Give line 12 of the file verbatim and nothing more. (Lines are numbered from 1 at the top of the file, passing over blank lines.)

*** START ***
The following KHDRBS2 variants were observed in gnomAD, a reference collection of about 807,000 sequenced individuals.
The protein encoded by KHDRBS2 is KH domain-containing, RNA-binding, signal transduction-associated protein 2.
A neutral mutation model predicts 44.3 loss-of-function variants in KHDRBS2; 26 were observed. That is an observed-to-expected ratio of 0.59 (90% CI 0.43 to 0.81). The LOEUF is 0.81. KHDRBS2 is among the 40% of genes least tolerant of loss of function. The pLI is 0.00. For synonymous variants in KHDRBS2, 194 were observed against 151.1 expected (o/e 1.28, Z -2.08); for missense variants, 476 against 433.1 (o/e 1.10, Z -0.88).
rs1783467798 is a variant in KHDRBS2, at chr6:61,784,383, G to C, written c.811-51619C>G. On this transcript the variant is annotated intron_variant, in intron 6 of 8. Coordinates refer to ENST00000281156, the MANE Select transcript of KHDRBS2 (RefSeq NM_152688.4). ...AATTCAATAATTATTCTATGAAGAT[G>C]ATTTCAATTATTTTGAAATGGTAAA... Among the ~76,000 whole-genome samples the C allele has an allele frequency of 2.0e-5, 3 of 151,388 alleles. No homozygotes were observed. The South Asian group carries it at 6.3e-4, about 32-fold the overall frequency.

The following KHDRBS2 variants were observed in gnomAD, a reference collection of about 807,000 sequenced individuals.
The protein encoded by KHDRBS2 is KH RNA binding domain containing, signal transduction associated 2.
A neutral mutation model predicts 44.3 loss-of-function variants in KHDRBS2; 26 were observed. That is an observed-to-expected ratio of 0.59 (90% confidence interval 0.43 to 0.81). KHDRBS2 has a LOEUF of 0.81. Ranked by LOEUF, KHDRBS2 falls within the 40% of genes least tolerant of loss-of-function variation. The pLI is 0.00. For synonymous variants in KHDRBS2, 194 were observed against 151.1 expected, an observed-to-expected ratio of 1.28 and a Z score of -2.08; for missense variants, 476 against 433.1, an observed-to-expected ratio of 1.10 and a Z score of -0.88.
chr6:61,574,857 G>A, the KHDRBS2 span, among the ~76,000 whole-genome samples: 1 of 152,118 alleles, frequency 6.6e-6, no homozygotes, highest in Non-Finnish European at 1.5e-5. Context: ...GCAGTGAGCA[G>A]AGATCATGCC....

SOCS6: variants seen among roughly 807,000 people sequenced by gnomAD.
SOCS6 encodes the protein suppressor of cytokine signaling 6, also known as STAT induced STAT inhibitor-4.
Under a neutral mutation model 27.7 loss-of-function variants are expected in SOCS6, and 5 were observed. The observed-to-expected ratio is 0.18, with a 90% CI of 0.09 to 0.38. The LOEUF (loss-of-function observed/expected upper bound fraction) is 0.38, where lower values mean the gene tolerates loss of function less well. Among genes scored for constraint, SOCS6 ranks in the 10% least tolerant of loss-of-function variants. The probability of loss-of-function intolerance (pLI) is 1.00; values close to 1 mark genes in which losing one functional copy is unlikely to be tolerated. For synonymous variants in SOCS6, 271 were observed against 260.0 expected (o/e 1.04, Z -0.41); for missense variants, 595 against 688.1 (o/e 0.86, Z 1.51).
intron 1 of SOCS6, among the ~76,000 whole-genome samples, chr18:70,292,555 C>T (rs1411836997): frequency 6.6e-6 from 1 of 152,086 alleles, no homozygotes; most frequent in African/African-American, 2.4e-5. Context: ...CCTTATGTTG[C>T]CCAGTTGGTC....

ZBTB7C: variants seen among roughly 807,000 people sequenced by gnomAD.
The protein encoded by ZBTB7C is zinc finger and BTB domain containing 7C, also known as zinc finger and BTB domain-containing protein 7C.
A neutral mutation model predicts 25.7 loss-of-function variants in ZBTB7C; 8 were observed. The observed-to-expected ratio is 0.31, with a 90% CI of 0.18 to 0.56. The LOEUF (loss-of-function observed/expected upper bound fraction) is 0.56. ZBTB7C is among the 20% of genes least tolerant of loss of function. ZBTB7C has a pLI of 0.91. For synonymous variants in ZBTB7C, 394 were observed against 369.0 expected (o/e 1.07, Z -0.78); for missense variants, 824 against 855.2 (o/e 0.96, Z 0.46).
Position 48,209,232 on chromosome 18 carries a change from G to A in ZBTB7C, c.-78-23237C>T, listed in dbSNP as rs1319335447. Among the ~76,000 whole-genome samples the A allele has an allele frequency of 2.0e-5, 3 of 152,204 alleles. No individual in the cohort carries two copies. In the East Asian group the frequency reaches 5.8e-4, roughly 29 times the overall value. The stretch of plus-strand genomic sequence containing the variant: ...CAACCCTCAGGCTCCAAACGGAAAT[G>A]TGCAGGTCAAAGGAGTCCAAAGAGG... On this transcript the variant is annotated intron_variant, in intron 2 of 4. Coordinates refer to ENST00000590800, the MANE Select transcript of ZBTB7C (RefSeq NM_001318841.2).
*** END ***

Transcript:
intron 1 of SOCS6, among the ~76,000 whole-genome samples, chr18:70,292,555 C>T (rs1411836997): frequency 6.6e-6 from 1 of 152,086 alleles, no homozygotes; most frequent in African/African-American, 2.4e-5. Context: ...CCTTATGTTG[C>T]CCAGTTGGTC....